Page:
The round-two tendering of 1.47GW of solar comes after round one delivered the 300MW Sakaka project. Image credit: Huawei
Some of the world’s top green energy players have tabled ultra-low bids under the second round of Saudi Arabia’s renewable energy programme, set to contract a 1.47GW all in all.
The kingdom's Renewable Energy Project Development Office (REPDO) recently identified the firms and consortia shortlisted to develop a slew of solar projects across the country, with some proposing tariffs below the 2-US-dollar-cent-per-kWh threshold.
At 600MW in planned capacity, the Al-Faisaliah PV project is the largest of the lot and will be either contracted to a consortium led by Saudi player ACWA Power, or a rival partnership led by United Arab Emirates-headquartered firm Masdar.
According to REPDO, the bids for Al-Faisaliah from either side were “extremely close”. The gap between the figures for levelized costs of electricity (LCOE) each had produced was, the government agency said, “within statistical margin of error”.
REPDO’s next step for the 600MW project will be to have the two consortia compete under a ‘best and final offer’ approach. The tendering results for this particular project will be revealed at some point in April 2020, the Office added.
The agency did shed light on the tariffs proposed for every other project under the round-two tender. From ACWA to First Solar, Marubeni and others, the shortlisted bidders (see table below) proposed a wide range of prices for PV schemes in the 20MW-300MW spectrum.
Shortlisted solar tariffs under Saudi Arabia's NREP (round two)
|Project name (capacity)||Jeddah PV IPP (300 MW)||Rabigh PV IPP (300 MW)||Qurrayat PV IPP (200 MW)||Madinah PV IPP (50 MW)||Rafha PV IPP (20 MW)|
|Shortlisted bidder #1 (tariff offered in US$)||Masdar-led consortium (US$0.0162/kWh)||Marubeni-led consortium (US$0.017/kWh)||ACWA-led consortium (US$0.0178/kWh)||Al Blagha-led consortium (US$0.019/kWh)||Al Blagha-led consortium (US$0.0348/kWh)|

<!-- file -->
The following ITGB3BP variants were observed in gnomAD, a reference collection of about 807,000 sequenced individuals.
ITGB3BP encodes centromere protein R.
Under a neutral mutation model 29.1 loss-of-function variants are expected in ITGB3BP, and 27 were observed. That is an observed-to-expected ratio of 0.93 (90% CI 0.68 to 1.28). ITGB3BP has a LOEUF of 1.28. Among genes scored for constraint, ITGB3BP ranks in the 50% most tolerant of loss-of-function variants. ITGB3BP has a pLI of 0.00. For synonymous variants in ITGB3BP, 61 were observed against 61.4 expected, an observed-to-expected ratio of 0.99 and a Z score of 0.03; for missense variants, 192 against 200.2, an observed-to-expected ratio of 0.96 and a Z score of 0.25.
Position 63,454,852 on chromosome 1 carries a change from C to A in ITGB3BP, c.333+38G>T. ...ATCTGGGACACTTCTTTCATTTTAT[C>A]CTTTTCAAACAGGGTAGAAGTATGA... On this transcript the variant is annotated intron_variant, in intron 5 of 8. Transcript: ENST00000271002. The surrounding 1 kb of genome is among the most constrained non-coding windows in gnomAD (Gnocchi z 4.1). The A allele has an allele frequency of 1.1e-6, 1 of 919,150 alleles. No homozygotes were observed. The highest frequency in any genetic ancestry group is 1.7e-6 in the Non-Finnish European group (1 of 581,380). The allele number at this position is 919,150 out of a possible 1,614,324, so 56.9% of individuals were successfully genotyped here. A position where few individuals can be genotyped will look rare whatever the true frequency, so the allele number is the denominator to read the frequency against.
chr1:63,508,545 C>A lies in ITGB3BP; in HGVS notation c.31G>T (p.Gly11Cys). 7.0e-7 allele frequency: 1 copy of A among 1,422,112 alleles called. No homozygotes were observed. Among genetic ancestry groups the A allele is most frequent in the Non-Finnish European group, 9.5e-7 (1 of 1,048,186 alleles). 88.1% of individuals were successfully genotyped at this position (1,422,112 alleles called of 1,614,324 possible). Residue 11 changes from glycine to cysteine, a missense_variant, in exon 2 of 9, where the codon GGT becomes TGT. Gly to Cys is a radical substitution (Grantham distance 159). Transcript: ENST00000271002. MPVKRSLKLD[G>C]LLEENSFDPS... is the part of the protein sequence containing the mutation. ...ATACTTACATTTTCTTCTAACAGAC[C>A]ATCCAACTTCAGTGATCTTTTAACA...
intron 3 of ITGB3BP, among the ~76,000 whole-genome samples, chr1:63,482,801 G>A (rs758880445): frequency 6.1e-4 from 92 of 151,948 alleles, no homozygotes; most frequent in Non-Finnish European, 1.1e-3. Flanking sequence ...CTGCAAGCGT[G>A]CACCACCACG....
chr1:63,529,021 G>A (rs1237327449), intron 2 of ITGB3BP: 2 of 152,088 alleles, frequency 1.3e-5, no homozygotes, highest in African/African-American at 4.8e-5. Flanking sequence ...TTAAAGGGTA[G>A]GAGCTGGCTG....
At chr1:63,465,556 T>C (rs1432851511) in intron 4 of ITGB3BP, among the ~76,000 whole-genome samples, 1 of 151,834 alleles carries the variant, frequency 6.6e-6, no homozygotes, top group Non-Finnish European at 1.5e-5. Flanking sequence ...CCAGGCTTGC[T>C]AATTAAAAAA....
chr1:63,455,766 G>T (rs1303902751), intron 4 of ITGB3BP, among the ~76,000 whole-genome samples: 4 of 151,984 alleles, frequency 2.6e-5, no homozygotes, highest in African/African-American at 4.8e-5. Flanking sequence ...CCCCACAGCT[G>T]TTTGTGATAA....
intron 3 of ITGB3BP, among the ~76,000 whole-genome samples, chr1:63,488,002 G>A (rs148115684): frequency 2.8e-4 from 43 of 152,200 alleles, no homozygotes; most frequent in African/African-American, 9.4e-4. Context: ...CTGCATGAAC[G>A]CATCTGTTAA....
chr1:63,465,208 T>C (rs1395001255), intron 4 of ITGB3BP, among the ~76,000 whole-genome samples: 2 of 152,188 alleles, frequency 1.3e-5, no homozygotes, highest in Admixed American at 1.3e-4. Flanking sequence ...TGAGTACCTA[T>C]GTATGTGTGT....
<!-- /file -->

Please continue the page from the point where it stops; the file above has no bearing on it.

|Shortlisted bidder #2 (tariff offered in US$)||ACWA-led consortium (US$0.0165/kWh)||ACWA-led consortium (US$0.0175/kWh)||Total Solar-led consortium (US$0.018/kWh)||First Solar-led consortium (US$0.0302/kWh)||First Solar-led consortium (US$0.05/kWh)|
PV rounds of 1.47GW and 1.2GW for oil-reliant kingdom
Held under the so-called National Renewable Energy Program (NREP), Saudi Arabia’s tenders are part of a plan to drive a renewable boom in the space of a decade. Previously floated targets would have the country reach major volumes of installed solar (40GW) and wind and others (20GW) by 2030.
The country – which relies on oil revenues to prop up national budgets – has recently seen sharp declines in reference barrel prices, as lockdown plans enacted due to the COVID-19 crisis forced downwards revisions of demand for the fossil fuel.
Analysts believe however that solar growth will be forthcoming, amid predictions the country will be one of a few global “growth engines” – installing 1-GW of PV every year – by 2024. NREP’s round-one already delivered the 300MW Sakaka PV plant, while round-three is set to unlock a further 1.2GW.
Winners of the NREP scheme will be rewarded with a 25-year PPA, featuring the Saudi Power Procurement Company (SPPC) as offtaker. In return, their solar installations will have to comply with a minimum 17% share of local content, as defined under Saudi law.
The solar bids of US$0.0162/kWh now being touted in Saudi Arabia mirror the tariffs of US$0.016953/kWh scored last October by a 900MW project in Dubai. The Middle Eastern solar milestones emerge after similar numbers were reported for PV tenders in Brazil and Portugal.
The Middle East has become a sought-after target among Asian solar makers, keen to supply an area seen as lacking domestic manufacturing firepower. From Huawei to Jolywood, Chinese players recently walked PV Tech (see links ahead for part one and two) through their moves in the region.